A new ‘most important’ installation will open at the MacKenzie Art Gallery

Nico Williams, Indians Frozen Computer, fine beads, birch bark and porcupine quills, 2017. Courtesy of the Center for Native Art. Photo credit Mike Patten (provided)

A new exhibition at the MacKenzie Art Gallery in Regina is billed by the gallery as “the most important exhibition of contemporary Native beadwork across North America ever presented.”

Bev Koski, Banff #4, 2014, beads, found object. Aboriginal Arts Center. (provided)

The show was organized by Sherry Farrell Racette, Cathy Mattes and Michelle LaVallee.

Nico Williams, Amazon Bag, 2022, Glass beads. Photo Paul Litherland (provided)

LaVallee said she suggested the show in 2016, but then left the MacKenzie and it became a group venture. It actually made it a little easier to put together during COVID when they couldn’t travel as much and they couldn’t all see a particular piece of art in person.

LaVallee is currently Director of Indigenous Pathways and Decolonization at the National Gallery of Canada.

“The main basis of the exhibition began by identifying works considered canonical, perhaps, in the passage of beadwork from craft to fine art, but also looking at the community resurgence and finally its passage into the galleries of ‘contemporary art,” LaVallee explained.

She said they were looking to identify important emerging trends in artists working today. Forty-eight artists are featured in the exhibition, which LaVallee says makes it one of the largest exhibits featuring contemporary pearls to date.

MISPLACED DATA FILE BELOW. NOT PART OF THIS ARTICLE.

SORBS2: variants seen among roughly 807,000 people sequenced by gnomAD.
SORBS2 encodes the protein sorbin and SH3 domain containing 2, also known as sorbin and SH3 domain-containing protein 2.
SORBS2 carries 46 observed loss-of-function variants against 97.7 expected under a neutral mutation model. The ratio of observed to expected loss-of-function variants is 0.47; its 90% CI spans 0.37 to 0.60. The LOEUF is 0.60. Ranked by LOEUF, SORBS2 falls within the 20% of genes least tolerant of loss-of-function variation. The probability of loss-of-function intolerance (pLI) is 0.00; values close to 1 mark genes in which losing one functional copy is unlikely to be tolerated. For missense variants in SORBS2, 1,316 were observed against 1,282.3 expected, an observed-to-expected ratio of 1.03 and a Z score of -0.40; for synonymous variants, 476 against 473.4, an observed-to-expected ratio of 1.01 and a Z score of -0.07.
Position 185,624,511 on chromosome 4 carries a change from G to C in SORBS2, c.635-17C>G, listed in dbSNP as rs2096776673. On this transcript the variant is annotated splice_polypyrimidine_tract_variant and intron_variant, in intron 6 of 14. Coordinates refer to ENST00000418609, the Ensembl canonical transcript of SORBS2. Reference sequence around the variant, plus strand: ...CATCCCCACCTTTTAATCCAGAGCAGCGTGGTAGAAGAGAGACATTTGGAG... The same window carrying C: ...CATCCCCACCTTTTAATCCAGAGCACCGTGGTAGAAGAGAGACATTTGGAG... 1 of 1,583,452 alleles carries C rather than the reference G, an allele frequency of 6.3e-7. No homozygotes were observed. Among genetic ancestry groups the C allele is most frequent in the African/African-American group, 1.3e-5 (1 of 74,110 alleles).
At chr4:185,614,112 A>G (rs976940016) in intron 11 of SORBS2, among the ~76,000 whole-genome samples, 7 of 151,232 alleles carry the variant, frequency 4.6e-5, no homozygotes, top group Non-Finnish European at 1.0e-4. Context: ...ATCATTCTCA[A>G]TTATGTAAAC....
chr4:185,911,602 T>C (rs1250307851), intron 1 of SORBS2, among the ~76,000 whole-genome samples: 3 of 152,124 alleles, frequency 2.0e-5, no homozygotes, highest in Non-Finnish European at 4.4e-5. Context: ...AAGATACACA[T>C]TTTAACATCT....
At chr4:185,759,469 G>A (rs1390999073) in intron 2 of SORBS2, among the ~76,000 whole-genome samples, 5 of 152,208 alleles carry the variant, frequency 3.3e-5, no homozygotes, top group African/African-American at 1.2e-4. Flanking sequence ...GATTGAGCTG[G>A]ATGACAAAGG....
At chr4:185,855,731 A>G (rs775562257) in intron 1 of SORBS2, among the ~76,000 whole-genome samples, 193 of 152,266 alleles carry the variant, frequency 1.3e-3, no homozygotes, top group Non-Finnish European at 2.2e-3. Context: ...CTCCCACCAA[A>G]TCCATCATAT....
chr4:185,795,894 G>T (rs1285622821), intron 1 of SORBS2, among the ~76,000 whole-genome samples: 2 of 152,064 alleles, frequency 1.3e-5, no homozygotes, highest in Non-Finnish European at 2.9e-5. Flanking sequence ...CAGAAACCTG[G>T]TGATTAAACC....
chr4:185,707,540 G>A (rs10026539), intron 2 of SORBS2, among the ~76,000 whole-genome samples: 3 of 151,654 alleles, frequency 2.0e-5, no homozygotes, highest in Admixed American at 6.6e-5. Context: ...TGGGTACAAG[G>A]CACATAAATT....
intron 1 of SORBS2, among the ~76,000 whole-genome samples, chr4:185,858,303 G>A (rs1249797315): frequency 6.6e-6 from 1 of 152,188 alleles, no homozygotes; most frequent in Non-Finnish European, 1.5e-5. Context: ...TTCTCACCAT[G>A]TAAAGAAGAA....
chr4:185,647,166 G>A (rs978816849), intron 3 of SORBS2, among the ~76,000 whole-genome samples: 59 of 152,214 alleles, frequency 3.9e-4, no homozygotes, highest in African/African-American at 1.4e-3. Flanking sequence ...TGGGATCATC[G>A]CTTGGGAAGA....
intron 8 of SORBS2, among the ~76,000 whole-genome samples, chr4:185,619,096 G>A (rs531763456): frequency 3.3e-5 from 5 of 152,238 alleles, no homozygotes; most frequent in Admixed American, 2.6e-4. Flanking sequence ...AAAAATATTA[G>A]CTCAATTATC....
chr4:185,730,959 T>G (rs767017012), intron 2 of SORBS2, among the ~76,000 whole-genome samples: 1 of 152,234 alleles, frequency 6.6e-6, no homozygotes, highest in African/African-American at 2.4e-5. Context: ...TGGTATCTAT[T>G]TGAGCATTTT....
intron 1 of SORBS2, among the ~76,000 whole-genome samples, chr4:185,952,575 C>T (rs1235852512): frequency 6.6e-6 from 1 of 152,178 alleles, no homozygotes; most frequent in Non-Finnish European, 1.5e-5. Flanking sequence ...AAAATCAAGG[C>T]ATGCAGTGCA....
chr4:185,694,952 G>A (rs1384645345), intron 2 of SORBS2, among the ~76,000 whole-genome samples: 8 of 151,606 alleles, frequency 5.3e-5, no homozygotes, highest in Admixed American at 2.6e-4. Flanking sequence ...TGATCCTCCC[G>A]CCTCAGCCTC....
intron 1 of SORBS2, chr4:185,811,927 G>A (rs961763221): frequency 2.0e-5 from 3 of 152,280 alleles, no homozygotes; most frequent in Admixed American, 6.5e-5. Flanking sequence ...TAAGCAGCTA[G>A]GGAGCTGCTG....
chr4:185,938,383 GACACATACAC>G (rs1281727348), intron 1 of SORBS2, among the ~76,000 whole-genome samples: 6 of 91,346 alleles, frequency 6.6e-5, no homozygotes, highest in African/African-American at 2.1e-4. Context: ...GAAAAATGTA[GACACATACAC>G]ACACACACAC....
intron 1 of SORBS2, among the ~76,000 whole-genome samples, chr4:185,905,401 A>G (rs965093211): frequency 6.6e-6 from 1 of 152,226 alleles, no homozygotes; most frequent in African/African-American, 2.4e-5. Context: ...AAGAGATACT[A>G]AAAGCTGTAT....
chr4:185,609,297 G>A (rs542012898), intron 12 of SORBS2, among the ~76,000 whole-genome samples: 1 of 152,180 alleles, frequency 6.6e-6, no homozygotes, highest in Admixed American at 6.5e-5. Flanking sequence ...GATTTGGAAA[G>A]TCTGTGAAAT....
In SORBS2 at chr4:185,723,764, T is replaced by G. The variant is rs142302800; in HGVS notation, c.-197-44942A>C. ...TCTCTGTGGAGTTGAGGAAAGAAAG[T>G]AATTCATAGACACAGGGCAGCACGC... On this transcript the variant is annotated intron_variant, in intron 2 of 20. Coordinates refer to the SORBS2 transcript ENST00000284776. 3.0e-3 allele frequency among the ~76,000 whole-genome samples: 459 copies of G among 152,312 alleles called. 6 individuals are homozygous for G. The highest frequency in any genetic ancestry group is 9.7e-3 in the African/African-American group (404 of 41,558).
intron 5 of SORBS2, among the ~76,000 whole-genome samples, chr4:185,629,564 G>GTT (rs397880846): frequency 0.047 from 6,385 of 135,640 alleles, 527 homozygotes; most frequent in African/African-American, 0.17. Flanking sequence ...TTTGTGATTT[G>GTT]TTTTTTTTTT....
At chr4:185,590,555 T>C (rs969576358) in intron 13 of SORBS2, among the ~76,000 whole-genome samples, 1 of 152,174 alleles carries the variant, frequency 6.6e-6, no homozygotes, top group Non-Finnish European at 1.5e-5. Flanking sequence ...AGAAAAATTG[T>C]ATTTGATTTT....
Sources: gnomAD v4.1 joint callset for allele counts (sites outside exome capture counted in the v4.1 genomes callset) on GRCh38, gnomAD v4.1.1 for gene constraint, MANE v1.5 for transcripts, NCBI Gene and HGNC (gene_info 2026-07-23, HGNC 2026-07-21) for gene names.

“These artists really sew us together, they connect the past to the present (and) they reflect on current times, stories – personal and communal experiences and existence. But in doing so, they also create new meaning and redefine representation and cultural determinism from an Indigenous perspective,” LaVallee said.

Dana Claxton, Headdress – Jeneen, 2018, LED fireplace with transmounted chromogenic transparency. Photo courtesy of the artist and Forge Project, NY. (provided)

Radical Stitch, according to LaVallee, celebrates the innovation and tactile beauty of pearls. She explained that the vibrancy of the medium is meant to inspire.

“(The exhibition) really invites viewers to immerse themselves not only in the beauty of beadwork, but also in the political and creative dimensions, alongside the aesthetic dimensions of beadwork,” she said.

LaVallee said it was an exciting time right now, as the opportunity to see the art again in person was just opening up.

“It’s a type of artwork that, in person, has so much greater impact. It’s very tactile; it doesn’t translate as well to the digital medium of our screens. So I certainly encourage people who can to come to the exhibition (and) see these works in person,” LaVallee said.

The exhibition runs until August 28.

LaVallee said they hoped to take the exhibit to other museums and were also working on a publication for it.

William E. Bennett